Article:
Bake gratin until crumbs are toasty and brown and sausages are cooked through (you can insert an instant-read thermometer into center of sausage to check if registers 140°, or just cut into one with a knife), about 15 minutes.
This dish could or should be a guaranteed crowd-pleaser. Deb Perelman of Smitten Kitchen called the dish “pizza beans” to make it more appealing to her kids- so I did the same. 😉 She also had the genius suggestion of serving it with garlic bread, giving it even more appeal. Perelman described it as “a mash-up of a giant-beans-in-tomato-sauce dish from Greece and American-style baked ziti, with beans instead of noodles.” Heaven!
My husband and I enjoyed this dish very much. We are already big fans of Greek Gigante beans, by the way. 🙂 With the name “pizza beans,” my kids were expecting pizza, but the flavors in the dish were more like minestrone soup. It may have been more well-received if I had simply called it by the original title, Tomato & Gigante Bean Bake. 😉
This dish would also be wonderful as a cold-weather comfort food casserole. The recipe was adapted from Smitten Kitchen Every Day: Triumphant & Unfussy New Favorites by Deb Perelman, via smitten kitchen.com. I used a pressure cooker to cook the dried beans, incorporated the pressure cooker bean liquid as well as beet greens, and increased the amount of garlic. I plan to make it again in the winter and give it a different title. I’m sure it will be more well-received. It will be served with garlic bread, of course.
2 tablespoons (30 ml) olive oil, plus more for drizzling
1 large yellow onion, chopped
2 celery stalks, diced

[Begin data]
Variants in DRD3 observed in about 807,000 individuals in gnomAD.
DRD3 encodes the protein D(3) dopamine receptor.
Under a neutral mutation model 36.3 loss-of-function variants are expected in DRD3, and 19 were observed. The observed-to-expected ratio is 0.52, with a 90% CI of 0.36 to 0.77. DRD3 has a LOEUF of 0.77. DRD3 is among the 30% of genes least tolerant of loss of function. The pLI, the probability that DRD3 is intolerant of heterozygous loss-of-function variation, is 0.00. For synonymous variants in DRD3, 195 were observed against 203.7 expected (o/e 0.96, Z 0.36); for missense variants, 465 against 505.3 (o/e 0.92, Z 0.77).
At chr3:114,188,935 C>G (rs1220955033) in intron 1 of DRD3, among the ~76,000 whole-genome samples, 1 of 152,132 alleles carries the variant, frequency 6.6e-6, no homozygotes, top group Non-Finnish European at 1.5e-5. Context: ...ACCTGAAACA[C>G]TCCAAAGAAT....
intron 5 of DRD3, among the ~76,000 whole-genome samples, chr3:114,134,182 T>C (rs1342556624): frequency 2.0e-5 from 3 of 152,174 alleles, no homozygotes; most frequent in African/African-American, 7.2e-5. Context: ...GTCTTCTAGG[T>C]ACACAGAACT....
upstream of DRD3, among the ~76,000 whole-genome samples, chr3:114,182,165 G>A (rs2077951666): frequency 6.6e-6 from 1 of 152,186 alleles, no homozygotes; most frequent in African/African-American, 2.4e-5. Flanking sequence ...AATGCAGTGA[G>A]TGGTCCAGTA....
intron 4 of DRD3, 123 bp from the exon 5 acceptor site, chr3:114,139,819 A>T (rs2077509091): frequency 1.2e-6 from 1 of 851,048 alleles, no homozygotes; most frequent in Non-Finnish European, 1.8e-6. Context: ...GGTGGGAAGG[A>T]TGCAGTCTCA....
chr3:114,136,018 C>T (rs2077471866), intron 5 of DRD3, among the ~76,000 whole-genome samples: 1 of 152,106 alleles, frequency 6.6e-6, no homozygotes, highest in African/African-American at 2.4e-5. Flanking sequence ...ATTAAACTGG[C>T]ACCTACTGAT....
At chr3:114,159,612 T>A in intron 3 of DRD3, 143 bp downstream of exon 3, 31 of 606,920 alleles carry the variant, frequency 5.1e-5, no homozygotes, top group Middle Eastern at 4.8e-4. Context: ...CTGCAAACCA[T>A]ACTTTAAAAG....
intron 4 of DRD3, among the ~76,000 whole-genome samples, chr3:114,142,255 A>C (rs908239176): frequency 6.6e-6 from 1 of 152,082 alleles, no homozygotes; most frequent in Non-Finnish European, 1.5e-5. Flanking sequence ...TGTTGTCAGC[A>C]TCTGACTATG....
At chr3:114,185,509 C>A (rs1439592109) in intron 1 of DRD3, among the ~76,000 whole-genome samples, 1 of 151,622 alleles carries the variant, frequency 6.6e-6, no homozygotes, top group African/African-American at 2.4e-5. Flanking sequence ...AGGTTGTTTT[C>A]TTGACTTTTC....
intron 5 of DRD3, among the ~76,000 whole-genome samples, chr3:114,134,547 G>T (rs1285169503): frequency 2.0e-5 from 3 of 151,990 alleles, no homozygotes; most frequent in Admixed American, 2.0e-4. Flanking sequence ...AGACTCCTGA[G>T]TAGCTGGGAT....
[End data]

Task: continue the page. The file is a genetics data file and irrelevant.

1 large or 2 regular carrots, diced
coarse salt and freshly ground black pepper or red pepper flakes
To use a Pressure Cooker to “Soak” the Beans: Place 12 cups of water, 3 tsp of coarse salt and the dried beans in a pressure cooker. Raise to high pressure (2nd ring) for 2 minutes. Release pressure using the natural (water) method. Drain the beans.
Cook the Beans in a Pressure Cooker: Place the drained beans with 9 cups of fresh water in the pressure cooker. Drizzle with vegetable oil. Cook on low (1st ring) for 3 minutes. Release pressure using the natural (water) method. Drain the beans reserving the bean liquid.
Heat the oven to 475 degrees, preferably on convection.
In a 2 1/2-to-3-quart (ideally oven-safe) deep sauté pan, braiser, or shallow Dutch oven, heat the olive oil on medium-high. Add the onion, celery, and carrots. Season well with salt and black or red pepper. Cook, sautéing, until the vegetables brown lightly, about 10 minutes.
Add the garlic, and cook for 1 minute more.
Add the wine, if using, to scrape up any stuck bits, then simmer until it disappears, 1 to 2 minutes.
Add the kale/greens, and cook for 1 to 2 minutes, until collapsed, then add the tomatoes and bring to a simmer.
Add the beans, and, if the mixture looks too dry or thick (canned tomatoes range quite a bit in juiciness), add up to 3/4 cup broth/bean liquid, 1/4 cup at a time.
Simmer the mixture together over medium for about 10 minutes, adjusting the seasonings as needed.
If your pan isn’t ovenproof, transfer the mixture to a 3-quart baking dish.
Sprinkle the beans first with the mozzarella, then the Parmesan, and bake for 10 to 15 minutes, until browned on top. If you’re impatient and want a deeper color, you can run it under the broiler.
Finish with parsley, if desired. Serve with garlic bread.